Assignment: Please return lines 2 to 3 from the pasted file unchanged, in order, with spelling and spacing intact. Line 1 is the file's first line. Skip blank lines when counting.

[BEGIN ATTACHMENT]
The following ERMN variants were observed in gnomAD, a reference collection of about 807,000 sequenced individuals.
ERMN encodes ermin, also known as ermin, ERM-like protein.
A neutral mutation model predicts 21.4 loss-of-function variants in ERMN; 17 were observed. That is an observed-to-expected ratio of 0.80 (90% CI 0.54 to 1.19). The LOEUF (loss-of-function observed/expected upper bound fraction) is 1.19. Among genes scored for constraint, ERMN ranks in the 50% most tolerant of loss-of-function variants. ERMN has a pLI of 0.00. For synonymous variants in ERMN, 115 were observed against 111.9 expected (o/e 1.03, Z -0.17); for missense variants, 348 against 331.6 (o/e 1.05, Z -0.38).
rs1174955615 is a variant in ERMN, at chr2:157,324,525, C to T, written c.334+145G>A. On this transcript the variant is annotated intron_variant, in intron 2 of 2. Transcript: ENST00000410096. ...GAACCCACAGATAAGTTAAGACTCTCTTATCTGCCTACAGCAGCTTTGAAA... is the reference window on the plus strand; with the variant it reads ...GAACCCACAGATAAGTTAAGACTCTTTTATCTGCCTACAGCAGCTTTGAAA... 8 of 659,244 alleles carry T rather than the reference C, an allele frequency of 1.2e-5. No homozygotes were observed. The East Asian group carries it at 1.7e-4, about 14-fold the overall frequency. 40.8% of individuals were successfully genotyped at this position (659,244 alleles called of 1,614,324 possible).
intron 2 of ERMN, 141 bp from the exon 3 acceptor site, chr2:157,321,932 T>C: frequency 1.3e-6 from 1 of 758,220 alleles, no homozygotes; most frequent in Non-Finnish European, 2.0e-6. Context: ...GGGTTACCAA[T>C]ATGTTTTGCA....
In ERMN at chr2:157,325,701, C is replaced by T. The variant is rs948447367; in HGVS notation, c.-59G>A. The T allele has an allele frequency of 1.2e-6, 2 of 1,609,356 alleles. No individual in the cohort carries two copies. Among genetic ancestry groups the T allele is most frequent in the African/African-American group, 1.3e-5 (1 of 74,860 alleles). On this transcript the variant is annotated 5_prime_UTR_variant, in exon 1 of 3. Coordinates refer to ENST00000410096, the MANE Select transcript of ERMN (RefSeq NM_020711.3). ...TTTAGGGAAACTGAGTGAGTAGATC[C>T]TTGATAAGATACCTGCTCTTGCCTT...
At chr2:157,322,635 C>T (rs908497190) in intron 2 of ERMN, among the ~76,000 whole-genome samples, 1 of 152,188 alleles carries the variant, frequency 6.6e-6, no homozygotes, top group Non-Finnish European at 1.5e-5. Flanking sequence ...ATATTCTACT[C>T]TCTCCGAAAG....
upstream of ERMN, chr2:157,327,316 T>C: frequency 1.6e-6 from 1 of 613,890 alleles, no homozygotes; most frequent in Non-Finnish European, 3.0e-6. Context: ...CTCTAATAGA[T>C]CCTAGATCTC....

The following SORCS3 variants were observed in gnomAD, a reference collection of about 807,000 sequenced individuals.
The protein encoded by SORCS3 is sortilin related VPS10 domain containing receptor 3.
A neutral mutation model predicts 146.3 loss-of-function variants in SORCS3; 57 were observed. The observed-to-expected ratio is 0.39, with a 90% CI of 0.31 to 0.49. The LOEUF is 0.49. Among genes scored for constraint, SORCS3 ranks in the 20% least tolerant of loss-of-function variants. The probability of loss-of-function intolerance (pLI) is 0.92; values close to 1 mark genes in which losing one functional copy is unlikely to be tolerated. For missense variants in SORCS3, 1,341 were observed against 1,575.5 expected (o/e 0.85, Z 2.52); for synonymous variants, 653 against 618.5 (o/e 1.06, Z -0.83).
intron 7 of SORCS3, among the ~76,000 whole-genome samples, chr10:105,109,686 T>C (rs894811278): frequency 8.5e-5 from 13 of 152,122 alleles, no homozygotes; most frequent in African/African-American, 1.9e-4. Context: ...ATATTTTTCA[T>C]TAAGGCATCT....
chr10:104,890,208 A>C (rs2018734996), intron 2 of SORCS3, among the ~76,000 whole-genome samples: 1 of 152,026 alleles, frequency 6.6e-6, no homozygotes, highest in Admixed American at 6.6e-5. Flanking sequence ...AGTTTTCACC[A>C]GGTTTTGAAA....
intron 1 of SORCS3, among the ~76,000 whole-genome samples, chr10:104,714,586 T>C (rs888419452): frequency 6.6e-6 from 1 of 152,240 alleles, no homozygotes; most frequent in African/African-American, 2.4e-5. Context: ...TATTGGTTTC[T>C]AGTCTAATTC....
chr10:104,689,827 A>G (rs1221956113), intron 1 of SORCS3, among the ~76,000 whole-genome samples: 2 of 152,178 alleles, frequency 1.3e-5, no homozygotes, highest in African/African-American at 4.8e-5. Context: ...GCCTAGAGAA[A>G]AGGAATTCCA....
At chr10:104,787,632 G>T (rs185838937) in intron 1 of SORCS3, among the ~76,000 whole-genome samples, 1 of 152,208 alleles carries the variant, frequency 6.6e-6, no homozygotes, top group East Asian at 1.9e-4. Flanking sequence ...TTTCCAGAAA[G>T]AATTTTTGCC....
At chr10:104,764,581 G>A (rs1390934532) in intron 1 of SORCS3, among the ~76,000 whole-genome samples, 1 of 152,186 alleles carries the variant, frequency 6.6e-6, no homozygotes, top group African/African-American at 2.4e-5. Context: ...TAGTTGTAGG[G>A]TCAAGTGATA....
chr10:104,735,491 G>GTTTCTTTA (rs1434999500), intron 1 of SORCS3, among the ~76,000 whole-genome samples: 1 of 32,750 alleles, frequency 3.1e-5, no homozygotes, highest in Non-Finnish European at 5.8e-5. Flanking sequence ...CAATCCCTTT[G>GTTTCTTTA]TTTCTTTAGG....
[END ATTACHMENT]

ERMN encodes ermin, also known as ermin, ERM-like protein.
A neutral mutation model predicts 21.4 loss-of-function variants in ERMN; 17 were observed. That is an observed-to-expected ratio of 0.80 (90% CI 0.54 to 1.19). The LOEUF (loss-of-function observed/expected upper bound fraction) is 1.19. Among genes scored for constraint, ERMN ranks in the 50% most tolerant of loss-of-function variants. ERMN has a pLI of 0.00. For synonymous variants in ERMN, 115 were observed against 111.9 expected (o/e 1.03, Z -0.17); for missense variants, 348 against 331.6 (o/e 1.05, Z -0.38).